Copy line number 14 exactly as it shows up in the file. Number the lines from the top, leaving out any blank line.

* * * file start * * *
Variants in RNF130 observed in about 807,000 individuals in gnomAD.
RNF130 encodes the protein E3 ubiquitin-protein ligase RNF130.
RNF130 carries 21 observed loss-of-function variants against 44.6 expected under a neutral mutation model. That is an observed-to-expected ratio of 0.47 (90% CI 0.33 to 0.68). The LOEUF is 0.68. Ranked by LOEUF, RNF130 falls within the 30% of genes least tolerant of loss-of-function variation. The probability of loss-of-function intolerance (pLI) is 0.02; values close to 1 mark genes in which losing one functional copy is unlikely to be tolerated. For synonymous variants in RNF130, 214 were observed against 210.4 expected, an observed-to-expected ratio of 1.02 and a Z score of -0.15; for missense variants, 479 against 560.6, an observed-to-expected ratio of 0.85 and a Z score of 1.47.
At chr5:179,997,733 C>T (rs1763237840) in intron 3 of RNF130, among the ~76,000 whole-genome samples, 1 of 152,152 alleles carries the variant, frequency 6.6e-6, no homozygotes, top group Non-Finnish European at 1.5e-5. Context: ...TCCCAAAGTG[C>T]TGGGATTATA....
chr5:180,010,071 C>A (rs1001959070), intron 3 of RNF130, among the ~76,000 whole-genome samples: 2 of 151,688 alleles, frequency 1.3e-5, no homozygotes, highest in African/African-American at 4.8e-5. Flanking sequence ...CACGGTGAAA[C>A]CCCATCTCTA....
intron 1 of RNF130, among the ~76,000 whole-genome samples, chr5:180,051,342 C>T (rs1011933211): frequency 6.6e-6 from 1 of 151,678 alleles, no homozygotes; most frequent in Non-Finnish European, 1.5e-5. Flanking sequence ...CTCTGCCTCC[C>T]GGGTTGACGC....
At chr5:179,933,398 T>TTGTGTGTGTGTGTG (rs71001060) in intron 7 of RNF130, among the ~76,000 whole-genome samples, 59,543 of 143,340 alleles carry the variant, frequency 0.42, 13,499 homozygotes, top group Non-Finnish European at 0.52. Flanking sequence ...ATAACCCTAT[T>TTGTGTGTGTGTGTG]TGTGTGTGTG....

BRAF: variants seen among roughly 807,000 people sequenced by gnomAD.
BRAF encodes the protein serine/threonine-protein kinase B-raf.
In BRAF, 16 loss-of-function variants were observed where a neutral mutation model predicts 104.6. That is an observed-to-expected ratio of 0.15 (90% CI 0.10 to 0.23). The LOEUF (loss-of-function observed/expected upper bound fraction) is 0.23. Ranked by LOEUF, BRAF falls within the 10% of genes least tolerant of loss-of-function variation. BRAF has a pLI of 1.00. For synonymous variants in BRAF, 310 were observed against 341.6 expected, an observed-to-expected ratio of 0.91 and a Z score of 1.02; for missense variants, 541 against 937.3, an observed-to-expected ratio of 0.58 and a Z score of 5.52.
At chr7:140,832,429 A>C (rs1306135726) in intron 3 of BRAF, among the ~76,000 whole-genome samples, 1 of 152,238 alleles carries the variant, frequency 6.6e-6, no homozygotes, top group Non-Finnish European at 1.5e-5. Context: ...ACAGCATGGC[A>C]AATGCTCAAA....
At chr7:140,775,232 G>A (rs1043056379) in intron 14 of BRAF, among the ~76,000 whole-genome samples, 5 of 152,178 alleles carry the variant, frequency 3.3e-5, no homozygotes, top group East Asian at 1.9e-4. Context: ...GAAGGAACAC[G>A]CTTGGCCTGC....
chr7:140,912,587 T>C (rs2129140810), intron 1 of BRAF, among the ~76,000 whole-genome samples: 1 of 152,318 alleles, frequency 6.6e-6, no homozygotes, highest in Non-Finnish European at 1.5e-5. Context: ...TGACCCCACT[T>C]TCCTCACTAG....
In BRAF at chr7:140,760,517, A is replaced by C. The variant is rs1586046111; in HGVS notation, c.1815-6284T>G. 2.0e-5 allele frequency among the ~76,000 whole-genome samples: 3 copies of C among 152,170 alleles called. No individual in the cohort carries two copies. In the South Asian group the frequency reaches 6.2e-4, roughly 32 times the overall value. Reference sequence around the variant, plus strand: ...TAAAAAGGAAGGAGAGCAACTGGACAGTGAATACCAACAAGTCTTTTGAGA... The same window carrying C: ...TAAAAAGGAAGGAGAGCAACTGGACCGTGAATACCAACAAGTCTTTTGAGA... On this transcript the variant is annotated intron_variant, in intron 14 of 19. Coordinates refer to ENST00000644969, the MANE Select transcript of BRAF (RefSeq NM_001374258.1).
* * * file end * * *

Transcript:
In BRAF at chr7:140,760,517, A is replaced by C. The variant is rs1586046111; in HGVS notation, c.1815-6284T>G. 2.0e-5 allele frequency among the ~76,000 whole-genome samples: 3 copies of C among 152,170 alleles called. No individual in the cohort carries two copies. In the South Asian group the frequency reaches 6.2e-4, roughly 32 times the overall value. Reference sequence around the variant, plus strand: ...TAAAAAGGAAGGAGAGCAACTGGACAGTGAATACCAACAAGTCTTTTGAGA... The same window carrying C: ...TAAAAAGGAAGGAGAGCAACTGGACCGTGAATACCAACAAGTCTTTTGAGA... On this transcript the variant is annotated intron_variant, in intron 14 of 19. Coordinates refer to ENST00000644969, the MANE Select transcript of BRAF (RefSeq NM_001374258.1).